• The ear can become infected by bacteria, fungi or viruses in the ear canal, or the Eustachian tube that connects the ear to the throat.
  • Treatment depends on the type of infection, but can include antibiotics, antiviral and pain–relieving medications, and surgery.
The ear is made up of three parts. The outer ear includes the part you can see and the canal that leads to the eardrum. The middle ear is separated from the outer ear by the eardrum and contains tiny bones that amplify sound. The inner ear is where sounds are translated to electrical impulses and sent to the brain.

Any of these three parts can become infected by bacteria, fungi or viruses. Children are particularly prone to middle ear infections (otitis media). It is estimated that around four out of five children will experience a middle ear infection at least once.

Symptoms of ear infections

The symptoms of an ear infection depend on the type, but may include:
  • earache
  • mild deafness or the sensation that sound is muffled
  • ear discharge
  • fever
  • headache
  • loss of appetite
  • itchiness of the outer ear
  • blisters on the outer ear or along the ear canal
  • noises in the ear – such as buzzing or humming
  • vertigo (loss of balance).

The function of the Eustachian tube

The ear is connected to the back of the nose via the Eustachian tube. This tube equalises air pressure inside the ear, and funnels secretions from the middle ear into the throat. The walls of the Eustachian tube lie flat against each other to prevent the migration of bacteria or other germs into the ear from the nose and throat.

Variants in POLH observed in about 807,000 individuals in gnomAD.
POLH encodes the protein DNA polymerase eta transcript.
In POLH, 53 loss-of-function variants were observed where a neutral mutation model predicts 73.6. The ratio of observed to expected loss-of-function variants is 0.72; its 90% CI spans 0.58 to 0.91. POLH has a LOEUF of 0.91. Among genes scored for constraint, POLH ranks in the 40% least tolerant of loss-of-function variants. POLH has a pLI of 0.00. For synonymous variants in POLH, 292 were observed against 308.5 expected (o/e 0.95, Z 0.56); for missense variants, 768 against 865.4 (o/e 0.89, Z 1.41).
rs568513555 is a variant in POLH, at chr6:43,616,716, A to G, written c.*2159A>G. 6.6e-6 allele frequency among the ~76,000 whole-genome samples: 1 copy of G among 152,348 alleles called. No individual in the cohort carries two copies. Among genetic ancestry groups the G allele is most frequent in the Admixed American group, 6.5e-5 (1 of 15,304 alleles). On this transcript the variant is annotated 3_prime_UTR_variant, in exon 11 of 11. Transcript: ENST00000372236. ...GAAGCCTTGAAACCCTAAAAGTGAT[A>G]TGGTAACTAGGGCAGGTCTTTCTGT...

Whenever we swallow, a small muscle flexes and opens the tube, allowing air pressure equalisation and the drainage of secretions. If the Eustachian tube is blocked, secretions and associated bacteria build up inside the middle ear. This can cause ear infections, mild deafness and an increased likelihood of a ruptured eardrum. 

Causes of ear infections

Some of the many causes of ear infection and contributing risk factors include:
  • upper respiratory tract infections
  • sudden changes in air pressure – such as during airline travel
  • smaller than average Eustachian tubes, or a blocked Eustachian tube
  • cleft palate
  • young age – babies and children are more prone to ear infections
  • swimming in polluted water
  • failing to dry the outer ear properly after swimming or bathing
  • overzealous cleaning of the ears, which can scratch the delicate tissues.

Types of ear infections

Ear infections are diagnosed by physical examination and laboratory analysis of pus or discharge. In some cases, CT scans may also be taken.

Types of ear infection include:
  • otitis externa